The Dutch demersal sector has been let in no doubt that the decision on pulse fishing will be implemented, and the prospect of a review at European level is slim, while an immediate problem faced by the pulse fleet is a shortage of conventional fishing gear.
At a meeting with fishermen last week, Minister of Agriculture, Nature and Food Quality Carola Schouten ruled out the possibility of the issue being revisited, to the frustration of those attending.
According to Dutch industry organisation VisNed, any prospect of pulse fishing being re-examined depends on the will of the European Commission, and not on any scientific evidence of the method’s sustainability.
‘The collection of research data is and remains important to ensure that the facts are complete,’ VisNed’s spokesman said.
‘But after 2021, studies can only be conducted on a very limited scale. The possibility that pulse fishing (after all, research results are known and expected to be positive) could return to the European agenda is low. There is no obligation on the European Commission and if major Member States continue to raise objections, there is a chance that nobody will have the political courage to take up the pulse fishing cause again.’
A withdrawal schedule has been drawn up and those licences issued in 2010 will remain valid to the 1st of July 2021, while licences issued in 2011 and 2012 will continue on a research basis to the end of 2019 and licences that were issued in 2014 are withdrawn on 1st June this year. A group of twenty pulse vessels will have to cease pulse fishing on 1st June.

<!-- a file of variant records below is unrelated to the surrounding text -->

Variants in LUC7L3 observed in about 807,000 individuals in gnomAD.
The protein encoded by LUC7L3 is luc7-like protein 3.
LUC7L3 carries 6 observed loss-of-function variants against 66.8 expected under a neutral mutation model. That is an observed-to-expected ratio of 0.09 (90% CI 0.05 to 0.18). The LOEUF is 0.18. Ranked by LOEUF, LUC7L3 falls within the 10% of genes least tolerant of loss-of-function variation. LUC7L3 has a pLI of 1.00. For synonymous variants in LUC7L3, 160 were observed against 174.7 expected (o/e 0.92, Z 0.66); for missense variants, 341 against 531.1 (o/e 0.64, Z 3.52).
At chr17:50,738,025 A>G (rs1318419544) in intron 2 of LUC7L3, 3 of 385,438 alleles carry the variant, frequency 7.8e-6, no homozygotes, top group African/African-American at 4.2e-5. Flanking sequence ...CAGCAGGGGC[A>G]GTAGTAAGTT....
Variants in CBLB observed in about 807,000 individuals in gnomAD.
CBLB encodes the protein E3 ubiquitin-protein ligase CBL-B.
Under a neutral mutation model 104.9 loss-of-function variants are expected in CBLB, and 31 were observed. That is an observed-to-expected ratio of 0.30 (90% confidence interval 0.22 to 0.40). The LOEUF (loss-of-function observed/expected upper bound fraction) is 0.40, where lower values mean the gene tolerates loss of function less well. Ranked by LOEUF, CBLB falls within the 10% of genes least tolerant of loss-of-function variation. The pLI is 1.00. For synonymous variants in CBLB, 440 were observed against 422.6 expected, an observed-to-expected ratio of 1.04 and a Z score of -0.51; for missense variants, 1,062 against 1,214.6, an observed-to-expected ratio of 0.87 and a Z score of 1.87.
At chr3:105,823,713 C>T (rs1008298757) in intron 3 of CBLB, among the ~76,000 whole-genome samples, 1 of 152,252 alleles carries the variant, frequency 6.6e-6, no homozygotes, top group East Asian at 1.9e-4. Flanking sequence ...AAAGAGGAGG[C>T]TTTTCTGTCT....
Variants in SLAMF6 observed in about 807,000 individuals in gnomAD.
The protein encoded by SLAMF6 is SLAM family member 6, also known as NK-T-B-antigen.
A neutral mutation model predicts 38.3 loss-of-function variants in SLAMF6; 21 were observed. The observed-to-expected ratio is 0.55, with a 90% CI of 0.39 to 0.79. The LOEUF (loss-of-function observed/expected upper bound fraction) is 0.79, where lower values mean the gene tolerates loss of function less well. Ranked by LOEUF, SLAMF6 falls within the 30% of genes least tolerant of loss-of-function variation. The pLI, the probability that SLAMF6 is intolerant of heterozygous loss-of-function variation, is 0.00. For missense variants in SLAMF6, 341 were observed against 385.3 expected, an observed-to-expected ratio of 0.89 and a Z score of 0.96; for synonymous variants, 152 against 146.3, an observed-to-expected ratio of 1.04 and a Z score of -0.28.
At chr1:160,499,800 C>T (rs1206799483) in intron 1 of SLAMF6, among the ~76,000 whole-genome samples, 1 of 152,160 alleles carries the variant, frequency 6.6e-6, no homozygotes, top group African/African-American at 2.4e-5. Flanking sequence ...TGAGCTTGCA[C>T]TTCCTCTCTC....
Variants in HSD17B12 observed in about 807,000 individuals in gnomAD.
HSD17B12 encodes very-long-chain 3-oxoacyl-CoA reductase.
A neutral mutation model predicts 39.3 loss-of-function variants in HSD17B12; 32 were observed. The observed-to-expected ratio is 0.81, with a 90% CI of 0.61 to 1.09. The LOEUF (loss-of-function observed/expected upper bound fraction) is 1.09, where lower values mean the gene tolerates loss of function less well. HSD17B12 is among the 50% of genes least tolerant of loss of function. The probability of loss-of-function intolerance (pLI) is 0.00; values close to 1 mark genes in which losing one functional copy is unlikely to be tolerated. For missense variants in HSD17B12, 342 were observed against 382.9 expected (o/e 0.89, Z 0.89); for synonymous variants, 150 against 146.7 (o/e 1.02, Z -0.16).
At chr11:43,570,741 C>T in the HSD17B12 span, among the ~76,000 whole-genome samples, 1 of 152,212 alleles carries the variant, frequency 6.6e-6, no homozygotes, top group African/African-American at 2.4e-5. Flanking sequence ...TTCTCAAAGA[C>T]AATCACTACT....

According to VisNed, the pulse fleet is having to cope with the problem of obtaining new fishing gear at relatively short notice, with no certainty that there will be gear available.
‘It has become clear that there are major problems with the delivery of fishing gear. VCU in Urk has issued a statement on this, which has been submitted to the Ministry,’ a spokesman for VisNed said, commenting that fishermen had been advised to wait until they had received formal notification from the Ministry before taking action – which has left many of them with a need to source fishing gear with very little notice.
The industry is also dissatisfied with the role of Prime Minister Mark Rutte in pulse fishing policy, as he made no response to the industry’s petition in February this year.